Capital, The (Newspaper) - September 9, 1995, Annapolis, Maryland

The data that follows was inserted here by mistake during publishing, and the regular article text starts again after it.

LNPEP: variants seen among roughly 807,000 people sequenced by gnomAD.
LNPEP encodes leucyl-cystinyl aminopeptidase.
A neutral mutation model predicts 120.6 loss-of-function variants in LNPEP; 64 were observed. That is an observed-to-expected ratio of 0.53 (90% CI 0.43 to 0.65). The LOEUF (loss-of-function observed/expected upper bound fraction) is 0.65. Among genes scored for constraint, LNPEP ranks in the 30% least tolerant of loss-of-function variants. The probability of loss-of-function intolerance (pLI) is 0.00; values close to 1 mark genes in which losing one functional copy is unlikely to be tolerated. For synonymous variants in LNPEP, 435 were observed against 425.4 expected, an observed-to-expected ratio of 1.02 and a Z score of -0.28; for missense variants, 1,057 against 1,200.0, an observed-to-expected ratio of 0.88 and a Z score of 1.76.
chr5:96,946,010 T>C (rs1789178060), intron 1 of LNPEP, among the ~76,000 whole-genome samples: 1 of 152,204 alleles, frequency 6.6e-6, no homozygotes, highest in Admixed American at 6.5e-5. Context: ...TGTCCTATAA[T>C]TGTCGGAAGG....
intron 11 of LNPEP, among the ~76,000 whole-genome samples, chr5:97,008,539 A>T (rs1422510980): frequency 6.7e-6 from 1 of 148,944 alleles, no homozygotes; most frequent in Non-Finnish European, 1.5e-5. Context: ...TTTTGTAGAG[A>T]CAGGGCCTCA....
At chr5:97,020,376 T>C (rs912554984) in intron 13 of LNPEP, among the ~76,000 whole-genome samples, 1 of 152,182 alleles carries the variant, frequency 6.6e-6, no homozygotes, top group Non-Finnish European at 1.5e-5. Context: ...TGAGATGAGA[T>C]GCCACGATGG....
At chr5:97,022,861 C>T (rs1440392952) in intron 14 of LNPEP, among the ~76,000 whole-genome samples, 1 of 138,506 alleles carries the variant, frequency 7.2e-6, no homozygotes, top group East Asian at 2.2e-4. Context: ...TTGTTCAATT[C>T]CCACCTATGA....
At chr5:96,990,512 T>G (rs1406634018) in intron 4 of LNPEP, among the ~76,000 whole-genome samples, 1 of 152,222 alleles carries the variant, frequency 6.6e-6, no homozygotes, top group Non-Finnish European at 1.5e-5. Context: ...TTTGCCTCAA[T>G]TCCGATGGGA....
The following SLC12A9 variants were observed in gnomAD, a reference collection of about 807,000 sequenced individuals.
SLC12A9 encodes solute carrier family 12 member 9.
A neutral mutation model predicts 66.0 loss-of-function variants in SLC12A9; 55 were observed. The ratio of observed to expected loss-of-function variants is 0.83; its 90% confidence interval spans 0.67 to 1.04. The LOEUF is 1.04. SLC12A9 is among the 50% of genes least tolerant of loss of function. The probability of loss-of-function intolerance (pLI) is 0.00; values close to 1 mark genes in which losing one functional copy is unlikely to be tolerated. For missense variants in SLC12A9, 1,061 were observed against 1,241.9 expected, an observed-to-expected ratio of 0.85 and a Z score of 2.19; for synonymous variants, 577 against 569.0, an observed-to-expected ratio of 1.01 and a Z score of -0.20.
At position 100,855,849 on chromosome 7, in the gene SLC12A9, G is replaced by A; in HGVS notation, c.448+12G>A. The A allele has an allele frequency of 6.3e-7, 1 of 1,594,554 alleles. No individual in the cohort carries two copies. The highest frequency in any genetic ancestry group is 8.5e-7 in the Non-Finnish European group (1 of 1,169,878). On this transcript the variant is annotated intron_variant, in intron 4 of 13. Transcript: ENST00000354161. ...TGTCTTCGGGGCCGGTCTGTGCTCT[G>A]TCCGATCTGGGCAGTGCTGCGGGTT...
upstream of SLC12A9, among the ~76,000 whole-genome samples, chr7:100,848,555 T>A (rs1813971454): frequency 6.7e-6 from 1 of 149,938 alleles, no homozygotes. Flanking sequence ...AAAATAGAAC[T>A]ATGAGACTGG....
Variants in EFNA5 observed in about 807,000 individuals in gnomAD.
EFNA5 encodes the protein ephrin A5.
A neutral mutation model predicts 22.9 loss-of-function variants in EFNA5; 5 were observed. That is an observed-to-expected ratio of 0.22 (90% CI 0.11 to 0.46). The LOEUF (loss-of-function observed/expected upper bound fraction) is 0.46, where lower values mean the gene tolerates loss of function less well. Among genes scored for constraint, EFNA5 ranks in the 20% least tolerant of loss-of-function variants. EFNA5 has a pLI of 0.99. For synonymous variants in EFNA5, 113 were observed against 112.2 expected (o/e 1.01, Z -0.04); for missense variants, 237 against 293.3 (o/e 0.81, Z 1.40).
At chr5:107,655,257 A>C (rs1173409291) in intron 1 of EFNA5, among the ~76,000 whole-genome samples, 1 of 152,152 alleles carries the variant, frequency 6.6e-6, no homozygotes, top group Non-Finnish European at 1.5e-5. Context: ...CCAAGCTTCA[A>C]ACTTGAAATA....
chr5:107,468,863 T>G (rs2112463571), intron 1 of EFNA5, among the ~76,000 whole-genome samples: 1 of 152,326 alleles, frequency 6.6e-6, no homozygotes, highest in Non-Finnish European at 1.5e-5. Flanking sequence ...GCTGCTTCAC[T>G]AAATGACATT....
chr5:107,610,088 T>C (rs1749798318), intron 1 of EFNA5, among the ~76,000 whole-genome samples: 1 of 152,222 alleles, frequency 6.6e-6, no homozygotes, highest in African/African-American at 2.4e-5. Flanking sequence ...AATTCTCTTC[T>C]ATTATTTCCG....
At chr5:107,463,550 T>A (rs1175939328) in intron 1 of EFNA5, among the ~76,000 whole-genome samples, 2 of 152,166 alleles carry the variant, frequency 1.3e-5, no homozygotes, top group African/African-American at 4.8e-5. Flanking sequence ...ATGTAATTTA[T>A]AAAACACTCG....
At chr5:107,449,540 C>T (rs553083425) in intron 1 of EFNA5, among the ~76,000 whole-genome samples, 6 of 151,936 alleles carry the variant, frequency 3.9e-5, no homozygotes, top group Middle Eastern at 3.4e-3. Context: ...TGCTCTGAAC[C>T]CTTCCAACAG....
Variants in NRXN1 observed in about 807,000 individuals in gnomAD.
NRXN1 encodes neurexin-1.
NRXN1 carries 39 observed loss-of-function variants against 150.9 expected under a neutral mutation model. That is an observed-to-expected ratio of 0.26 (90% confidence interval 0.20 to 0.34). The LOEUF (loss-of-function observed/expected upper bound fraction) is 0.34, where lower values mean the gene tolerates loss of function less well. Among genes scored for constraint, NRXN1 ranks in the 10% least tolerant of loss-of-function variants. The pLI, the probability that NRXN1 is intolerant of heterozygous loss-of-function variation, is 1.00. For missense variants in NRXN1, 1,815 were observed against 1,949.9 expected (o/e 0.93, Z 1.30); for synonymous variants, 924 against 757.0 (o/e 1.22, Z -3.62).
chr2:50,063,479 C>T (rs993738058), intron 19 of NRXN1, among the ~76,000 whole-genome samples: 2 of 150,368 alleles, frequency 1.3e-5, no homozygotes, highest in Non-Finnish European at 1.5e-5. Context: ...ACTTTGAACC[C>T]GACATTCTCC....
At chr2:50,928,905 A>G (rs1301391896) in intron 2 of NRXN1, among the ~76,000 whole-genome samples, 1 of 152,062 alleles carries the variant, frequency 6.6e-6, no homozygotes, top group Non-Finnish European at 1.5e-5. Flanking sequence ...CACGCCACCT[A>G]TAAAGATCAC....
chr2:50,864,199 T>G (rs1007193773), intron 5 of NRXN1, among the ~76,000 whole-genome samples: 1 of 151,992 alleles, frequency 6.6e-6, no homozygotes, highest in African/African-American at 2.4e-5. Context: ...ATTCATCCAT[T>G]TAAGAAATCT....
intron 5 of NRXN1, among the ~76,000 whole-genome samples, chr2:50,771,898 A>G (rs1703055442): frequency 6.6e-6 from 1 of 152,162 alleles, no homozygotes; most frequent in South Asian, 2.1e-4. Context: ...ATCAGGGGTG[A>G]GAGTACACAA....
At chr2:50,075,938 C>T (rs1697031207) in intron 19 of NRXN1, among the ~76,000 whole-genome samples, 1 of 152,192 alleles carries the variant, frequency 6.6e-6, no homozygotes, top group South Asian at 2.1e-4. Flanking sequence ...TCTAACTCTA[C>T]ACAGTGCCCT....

Mt. St. Joseph 32 Annapolis 0 Northern 30 SevernaPark 20 Old Mill 13 Broadneck 0 Bowie 20 Arundel 40 No BARRIERS Heritage Harbour home fits family's special needs Dl Gardens and flowonidd color to theWbhards' HOWELL MICROFILMS PQ BOX 1558 LAUREL MD 20707 SATURDAY SEPTEMBER MD Missing woman's body found ByP.J.SHUEY StaffWriter A 37-year-old Millersville woman re- ported missing from her home in has been found dead beside a road in Howard County. The state Medical Examiner's office yesterday identified the body as that of Terry Lee of Cog Court. She was reported missing by her David on July 30. Her body was found at a.m. Thursday by a State Highway Adminis- tration survey said Cpl. Kevin Howard County police spokes- man. was very badly he said. Dental records were used to identify her her death is being termed suspicious. No cause was immediately apparent. nothing Cpl. Costello said. The cause will not be known until toxicology tests are completed. They should take a couple of Cpl. Costello said Ms. whose body was found in a wooded areattbout 25 yards froit Route had been dead for sev- eral weeks. The body was about a half-mile west of In- terstate 95. Howard County and Anne Arundel County police are conducting a joint KEEFER investigation into the death Ms Keefer was reported missing around 11 a.m. on July about 36 hours after she was last seen. Her Toyota Tercel station wagon had apparently suffered a flat tire on north- bound Interstate south of Quarter- field Road. Police have conducted dozens of and a search of the area included taking tracking dogs around 1-97. a county Fire Department dive team dragged ponds near the and a state police helicopter 'I feel like he's doing a good job and everything. He's making people straighten up. Changing of the guard Southern High principal brings Change of attitude By MICHAEL CODY South County StaffWriter It's the third day of Clifton Prince's second week as principal of Southern High in and a female student wearing a too-short shirt is walking down the hall. She wraps herself in a coat while walking and apologizes to Mr. Prince for her appearance. Not long in the school's crowded parking 16-year-old Michete Weathers repositions her Car in Its space. She explains she was running late and nervously offers to show the principal a parking pass hi her bag. The school's it is undergoing a change. feel like he's doing a good job and every- Miss Weathers said of her new without a trace of resentment. making people straighten In describing Mr. Prince's English department chairman Joline Krplicki drew the analogy of a cousin expected for dinner. kids are still trying to get a handle on which is Mrs. Krolicki said. know he means and is part of the but they're waiting to see how he fits Mr. a 49-year-old Bates High School graduate and former art came to Southern on July 1 after four years as principal of Arundel Middle School in Odenton. Under his the school was recognized for academic and Mr. Prince reportedly was well-liked by parents and staff. has a welcoming said Kenneth an associate superintendent involved in .the decision to transfer. Mr. Prinw.-t'So Kdieve he wfll encourage the involvement of the ByGMrgeN Lundskow The Capital Southern High ttudenta surround their new Clifton during a lunch break outaMe. entire Mr. Prince is the first black principal at which has students. The minority enrollment is about 17 the same as the county's. Most south county students come from inte- grated and don't make an issue of Mr. Prince said. j above that... even if there wasim issue. That's what that system you to Mr. Prince replaced Don wife-retired after 14 years as Southern's principal and rears with the county schools. known for htodtoef Their places- have- been taken by wooden ele- phants and carved African figures. On the in frames picked up for a just a few dollars each at second-hand are drawings and photographs by Mr. Prince and his friends. Among the photographs in Mr. Prince's office is one of his then-young daughter and now in college and medical beside a Porsche that he drove. Another is of his wife of 25 whom he met at a church gathering. Mr. Prince-maintains an open-door policy at the but isn't the sociable administrator Mr. Buchanan was. Page Commander wants to instill pride 3rd woman is highest-ranking mid MMsMpnuMi xst CteMAmy Morrison lathe new brigade at the Naval y t TftO third woman to noU tho post of Morriaon eervw ByBRADLEYPENISTON StaffWriter On a recent sunny day at the Naval Midshipman 1st Class Amy Morrison sat on the Yard and watched dozens of crisply dressed mids stream from their classrooms. It reminded the Ellicott City native of her first trip to the academy as an impressionable with one difference. even better from the she said. the 21-year-old midshipman wears the six gold stripes of the highest-ranking midshipman at the academy. she hasn't lost the pure love for the place she felt at first sight. The third woman to achieve the post of brigade Midshipman Morrison said she would consider her one-semester tenure a success if she could get every member of the brigade to share her feelings about the acad- emy. so much good about this she said. Although the 1992 engi- neering cheating scandal left many mids feeling beaten there's a new pride in the school and in the sports teams that she wants to encour- she said. Al toad of the Midshipman Morrison is the primary link between the midshipmen and the officers who lead the academy. She also leads the brigade during public from running daily noontime forma- tions to introducing Forrestal Lecture speakers. Midshipman Morrison fields many questions about the reactions of the largely male brigade to a woman at the top of the midshipman chain of com- but she said she's treated no differently than any other brigade com- mander. you come to the .you sit in your first class and look around and see one or two other women. But after four they just treat you as one of she said. lot depends on how you act but you just have to give your best at every- thing you she is able to bring to the attention of the top brass issues that concern many women at the like fatty meals or fli-fltting uniforms. It's a job that takes most of the hours she doesn't spend in on the lacrosse or out running. don't start my academics until 9 or 930 at and Oat's hard because Fm a food student. But I'm here for the brigade right she said. Page with an infrared sensor checked the area for any indication of a body. Ms. Keefer's husband told detectives that his wife left their home around midnight on July 28 to go to work She was employed as an administra- tive secretary at the Crofton Convales- cent Center on Route 424. Employees didn't report her missing because her work schedule was flex' ible. thought she had changed her said Sgt. Charles Blevins of county who supervised the missing persons investigation. State troopers noted her abandoned Toyota on 1-97 at 3 a.m. Sunday morn- ing. The car was on the shoulder of the northbound a quarter-mile from Quarterfield Road. The which had suffered a flat was pointed away from both her a half-mile and her work- which was farther south. At a.m. Ms. Keefer's parents called Mr. saying they had seen her car on 1-97. He retrieved Glendening holding firm on crab season Rules may take effect Friday ByJOHNKEILMAN StaffWriter Gov. Parris N. Glendening said yes- terday-he wUl art die crab despite earlier signs that state officials might be willing to compromise. sticking with original very he said yesterday. Mr. Glendening has proposed halting crabbing on Wednesdays and Sundays and ending this year's season Nov. a month and a half earlier than normal. Next the season would end .Oct. and one day a week would be off- If approved by a General Assembly committee the restrictions take effect Friday. first Sunday to be affected would be a week from tomorrow. John secretary of the Depart- ment of Natural seemed to suggest Thursday that there was wig- gle room in the governor's plan. been talking to the watermen and studying their alternative he said. getting closer to a solution that would make a dent in the crab problem and be more acceptable to the people who make a living harvesting DNR spokesman Michael O'Brien wouldn't talk about that possible solu- tion yesterday. Asked if the DNR would consider lengthening the season or putting time back in during the he replied only that the agency was committed to its targets. The goals are to reduce the female harvest by 20 tmUMUt 1Mb year- aha 40' next year. There might be to the but as far as the DNR is the crab ban starts next he said. Officials say the restrictions are needed to stop a drastic decrease in the number of mature female crabs in the bay. Winter surveys show a 47 percent decline over the past five years. DNR scientists blame the drop on overfishing. In a year in which harvests have come watermen aren't happy about losing any time in their boats. But some this week said they would meet Mr. Glendening halfway. A group that met Tuesday at the Queenstown Moose Lodge decided they would gladly give up Sundays if they could keep Wednesdays. A ban on a weekend day would particularly affect recreational crab- whom many watermen say are the real reason for declining the waterman has to everyone ought to said John a Kent Island fisherman who was at the meeting. One crabber unloading his day's haul at a Kent Narrows dock didn't care about Sundays most waterman don't go out that he said. But he Page Route 50 It's finally over By THERESA WINSLOW StaffWriter Commuters are road crews are relieved and even police are pleased. It's all because construction on the 8.6-mile stretch of Route SO from Annapolis to Bowie is about to completed. excited about Route 50 being said Scott Simp- manager of BWA Courier in less hassles for The bulk of the massive highway project was finished last summer. But the State Highway Administra- tion and a local contractor returned this summer to lay a final coat of once again instituting lane closures. All that remains is for crews to put in about pavement reflec- tors and do a little touch-up on die lane said Joe SHA INSIDE Arundel Calendar............. AS 07 Police C7 Report..... Crossword...........017 Sports....... Editorials............. AS Television.. A4 Tides......... CtaMHM....................268-7000 Bi Movies................ B4 dfCOtatlOfl............'......2684800 obituaries AS From 327-1883 of The Capfttf are printed each day on recycled paper. The newspaper alto to recyclable.